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Five Minutes with the Director

[whitespace] An interview with Francis Ford Coppola on the viability of the San Francisco literary scene

One indicator of the attractability of a literary scene is who chooses to become a part of it. Last year, Francis Ford Coppola started a literary magazine in New York for short stories, Zoetrope All Story. In examining the abundance of literary magazines in San Francisco, I thought it was interesting that Coppola chose a city with so much competition and so many popular publications in just about every field imaginable. On closer inspection of the "underground" feel of San Francisco's native (and transplanted) magazines, perhaps it's appropriate that Coppola's Zoetrope, with a virtually unheard of initial press run of 40,000 copies, began in a place where it would fit in with other more mainstream publications.

Given that you have both New York and San Francisco-based operations, what factors, if any, went into deciding to locate Zoetrope All Story in New York over San Francisco?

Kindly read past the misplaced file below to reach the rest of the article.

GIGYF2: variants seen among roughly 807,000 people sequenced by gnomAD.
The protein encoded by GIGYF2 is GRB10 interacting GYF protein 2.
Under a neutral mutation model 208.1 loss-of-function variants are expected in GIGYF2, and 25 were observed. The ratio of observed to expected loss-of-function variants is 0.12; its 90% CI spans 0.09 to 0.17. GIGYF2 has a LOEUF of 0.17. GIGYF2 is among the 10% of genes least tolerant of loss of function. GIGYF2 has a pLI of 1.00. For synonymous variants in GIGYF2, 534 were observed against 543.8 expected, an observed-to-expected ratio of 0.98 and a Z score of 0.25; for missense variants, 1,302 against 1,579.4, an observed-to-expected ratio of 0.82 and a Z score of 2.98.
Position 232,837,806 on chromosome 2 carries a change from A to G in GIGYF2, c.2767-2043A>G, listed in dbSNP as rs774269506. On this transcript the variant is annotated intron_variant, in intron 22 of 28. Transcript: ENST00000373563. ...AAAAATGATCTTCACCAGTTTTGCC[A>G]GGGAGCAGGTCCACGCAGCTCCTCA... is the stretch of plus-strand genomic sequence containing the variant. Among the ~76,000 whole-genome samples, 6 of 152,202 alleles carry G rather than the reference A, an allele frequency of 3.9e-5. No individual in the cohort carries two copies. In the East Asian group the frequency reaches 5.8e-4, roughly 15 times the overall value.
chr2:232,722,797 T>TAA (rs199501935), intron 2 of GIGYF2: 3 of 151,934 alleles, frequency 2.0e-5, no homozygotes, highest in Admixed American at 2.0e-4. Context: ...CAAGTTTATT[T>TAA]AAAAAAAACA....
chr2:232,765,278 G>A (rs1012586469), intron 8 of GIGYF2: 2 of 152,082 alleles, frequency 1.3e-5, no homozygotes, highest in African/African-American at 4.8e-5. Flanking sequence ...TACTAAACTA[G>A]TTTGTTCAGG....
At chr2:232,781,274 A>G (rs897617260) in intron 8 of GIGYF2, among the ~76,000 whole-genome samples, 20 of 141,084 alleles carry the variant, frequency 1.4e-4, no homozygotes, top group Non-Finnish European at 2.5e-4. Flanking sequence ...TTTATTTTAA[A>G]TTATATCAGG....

Coppola: I felt New York was the established literary/publishing center of things. Since we already have offices in San Francisco and Los Angeles, I felt that New York was where the magazine would have the greatest potential.

Are there specific differences between the literary scenes in each city that influenced your decision on where to locate the magazine?

Coppola: I just felt that New York would maximize our efforts--also, I had previously published a very good magazine in San Francisco (City) and felt that there was a lack of local support for innovative publishing projects. We are doing something unique: Only short stories and in an imaginative and changing format (our use of guest designers), and also supported by an innovative Web site.

What are the chances of persuading you to relocate Zoetrope All Story to San Francisco, where it might add visibility and credibility to a vibrant literary scene that continues to struggle for recognition?

Coppola: Through our San Francisco office we still want to encourage and support the local literary scene.

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From the December 7-20, 1998 issue of the Metropolitan.

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